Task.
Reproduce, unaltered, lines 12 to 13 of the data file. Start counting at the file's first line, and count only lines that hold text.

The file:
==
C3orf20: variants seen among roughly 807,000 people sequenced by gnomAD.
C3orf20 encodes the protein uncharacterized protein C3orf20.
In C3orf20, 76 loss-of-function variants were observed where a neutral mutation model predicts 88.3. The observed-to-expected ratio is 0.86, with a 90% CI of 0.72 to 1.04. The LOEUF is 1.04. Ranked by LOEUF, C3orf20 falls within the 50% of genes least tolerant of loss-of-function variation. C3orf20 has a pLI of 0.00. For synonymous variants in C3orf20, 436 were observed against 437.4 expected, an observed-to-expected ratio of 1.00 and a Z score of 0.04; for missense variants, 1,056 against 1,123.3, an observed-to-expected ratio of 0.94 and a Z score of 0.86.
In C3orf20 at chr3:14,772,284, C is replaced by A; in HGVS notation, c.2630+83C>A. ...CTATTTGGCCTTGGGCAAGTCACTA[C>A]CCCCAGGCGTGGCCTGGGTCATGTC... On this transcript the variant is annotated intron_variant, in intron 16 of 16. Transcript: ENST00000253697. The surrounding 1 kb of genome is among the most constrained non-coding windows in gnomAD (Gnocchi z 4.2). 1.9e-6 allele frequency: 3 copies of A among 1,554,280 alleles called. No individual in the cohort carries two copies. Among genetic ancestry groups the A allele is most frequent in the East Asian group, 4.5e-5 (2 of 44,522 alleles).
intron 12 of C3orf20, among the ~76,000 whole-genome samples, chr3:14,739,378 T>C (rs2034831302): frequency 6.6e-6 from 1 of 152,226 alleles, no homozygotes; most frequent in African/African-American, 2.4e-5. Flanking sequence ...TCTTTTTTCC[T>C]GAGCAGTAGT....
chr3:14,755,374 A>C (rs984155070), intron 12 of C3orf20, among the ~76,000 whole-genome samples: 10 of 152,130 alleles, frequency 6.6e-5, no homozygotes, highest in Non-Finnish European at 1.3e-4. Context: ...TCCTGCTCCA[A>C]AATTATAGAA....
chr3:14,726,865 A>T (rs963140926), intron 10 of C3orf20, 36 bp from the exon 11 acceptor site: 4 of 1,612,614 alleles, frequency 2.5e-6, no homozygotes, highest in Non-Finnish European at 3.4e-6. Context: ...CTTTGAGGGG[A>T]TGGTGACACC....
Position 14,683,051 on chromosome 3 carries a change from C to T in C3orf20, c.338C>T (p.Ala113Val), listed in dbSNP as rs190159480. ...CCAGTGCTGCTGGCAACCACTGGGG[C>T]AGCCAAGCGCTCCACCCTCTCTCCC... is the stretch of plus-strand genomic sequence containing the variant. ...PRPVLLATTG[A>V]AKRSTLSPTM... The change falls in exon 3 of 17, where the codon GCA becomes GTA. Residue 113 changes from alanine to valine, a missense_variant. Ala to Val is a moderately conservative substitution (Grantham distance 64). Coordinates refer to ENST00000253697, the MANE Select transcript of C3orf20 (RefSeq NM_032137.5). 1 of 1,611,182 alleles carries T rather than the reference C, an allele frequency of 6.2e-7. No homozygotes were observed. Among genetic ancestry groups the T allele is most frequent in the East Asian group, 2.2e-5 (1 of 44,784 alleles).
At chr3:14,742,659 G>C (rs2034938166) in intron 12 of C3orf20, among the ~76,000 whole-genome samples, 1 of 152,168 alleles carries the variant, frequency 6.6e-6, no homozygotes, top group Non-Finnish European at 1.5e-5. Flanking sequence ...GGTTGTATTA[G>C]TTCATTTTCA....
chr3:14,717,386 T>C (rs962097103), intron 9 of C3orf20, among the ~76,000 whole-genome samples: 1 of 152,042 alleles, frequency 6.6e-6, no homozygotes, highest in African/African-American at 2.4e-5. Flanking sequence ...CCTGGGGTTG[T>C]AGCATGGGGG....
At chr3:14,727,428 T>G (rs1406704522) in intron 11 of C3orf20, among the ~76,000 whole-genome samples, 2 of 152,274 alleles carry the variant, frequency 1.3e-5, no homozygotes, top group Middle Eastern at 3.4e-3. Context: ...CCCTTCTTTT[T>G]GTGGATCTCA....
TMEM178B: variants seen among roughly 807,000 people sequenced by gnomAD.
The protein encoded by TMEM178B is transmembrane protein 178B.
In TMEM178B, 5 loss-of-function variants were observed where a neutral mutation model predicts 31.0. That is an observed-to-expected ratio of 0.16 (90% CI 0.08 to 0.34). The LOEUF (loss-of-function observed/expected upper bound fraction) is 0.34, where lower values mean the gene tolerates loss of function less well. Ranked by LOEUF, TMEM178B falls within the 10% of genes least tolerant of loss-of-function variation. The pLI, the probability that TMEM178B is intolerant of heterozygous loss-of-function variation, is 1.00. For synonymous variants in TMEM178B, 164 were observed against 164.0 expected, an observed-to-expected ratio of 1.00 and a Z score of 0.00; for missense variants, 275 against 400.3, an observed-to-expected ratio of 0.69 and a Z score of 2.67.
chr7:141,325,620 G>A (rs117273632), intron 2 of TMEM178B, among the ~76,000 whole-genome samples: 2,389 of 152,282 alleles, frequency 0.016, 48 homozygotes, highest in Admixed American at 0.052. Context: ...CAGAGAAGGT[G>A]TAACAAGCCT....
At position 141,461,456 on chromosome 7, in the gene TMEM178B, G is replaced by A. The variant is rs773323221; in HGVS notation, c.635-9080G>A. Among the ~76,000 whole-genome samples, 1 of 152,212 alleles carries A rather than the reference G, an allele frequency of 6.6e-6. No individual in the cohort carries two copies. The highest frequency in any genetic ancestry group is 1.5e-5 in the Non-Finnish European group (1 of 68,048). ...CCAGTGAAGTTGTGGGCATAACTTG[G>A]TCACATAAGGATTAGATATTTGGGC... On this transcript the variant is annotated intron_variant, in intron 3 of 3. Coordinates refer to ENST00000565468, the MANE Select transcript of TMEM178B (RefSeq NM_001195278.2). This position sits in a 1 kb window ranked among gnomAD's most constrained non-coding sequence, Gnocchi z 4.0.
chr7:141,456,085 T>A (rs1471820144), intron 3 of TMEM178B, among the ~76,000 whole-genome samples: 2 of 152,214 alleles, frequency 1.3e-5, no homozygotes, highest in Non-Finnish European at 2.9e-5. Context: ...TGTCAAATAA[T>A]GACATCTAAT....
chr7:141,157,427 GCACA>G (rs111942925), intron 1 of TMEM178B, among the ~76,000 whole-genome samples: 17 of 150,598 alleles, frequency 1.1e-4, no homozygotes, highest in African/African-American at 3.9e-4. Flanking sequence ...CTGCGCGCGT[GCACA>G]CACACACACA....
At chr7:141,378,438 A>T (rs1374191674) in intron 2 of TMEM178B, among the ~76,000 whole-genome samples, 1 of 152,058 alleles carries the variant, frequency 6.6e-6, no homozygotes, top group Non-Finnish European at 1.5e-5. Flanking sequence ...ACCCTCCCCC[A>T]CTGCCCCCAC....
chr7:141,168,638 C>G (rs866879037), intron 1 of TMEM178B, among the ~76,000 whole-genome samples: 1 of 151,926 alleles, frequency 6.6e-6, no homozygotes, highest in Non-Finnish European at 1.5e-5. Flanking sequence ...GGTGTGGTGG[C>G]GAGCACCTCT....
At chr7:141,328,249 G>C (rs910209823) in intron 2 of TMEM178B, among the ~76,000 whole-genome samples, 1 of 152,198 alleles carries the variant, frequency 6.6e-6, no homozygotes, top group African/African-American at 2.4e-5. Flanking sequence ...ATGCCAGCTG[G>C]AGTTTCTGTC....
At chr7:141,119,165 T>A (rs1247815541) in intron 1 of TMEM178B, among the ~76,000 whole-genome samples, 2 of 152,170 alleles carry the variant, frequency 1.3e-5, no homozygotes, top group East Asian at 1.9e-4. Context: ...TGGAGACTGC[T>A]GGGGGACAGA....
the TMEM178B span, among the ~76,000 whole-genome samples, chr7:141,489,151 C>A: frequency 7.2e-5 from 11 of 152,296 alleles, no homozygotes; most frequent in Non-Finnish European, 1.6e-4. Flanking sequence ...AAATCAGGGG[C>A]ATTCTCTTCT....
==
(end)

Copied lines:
TMEM178B: variants seen among roughly 807,000 people sequenced by gnomAD.
The protein encoded by TMEM178B is transmembrane protein 178B.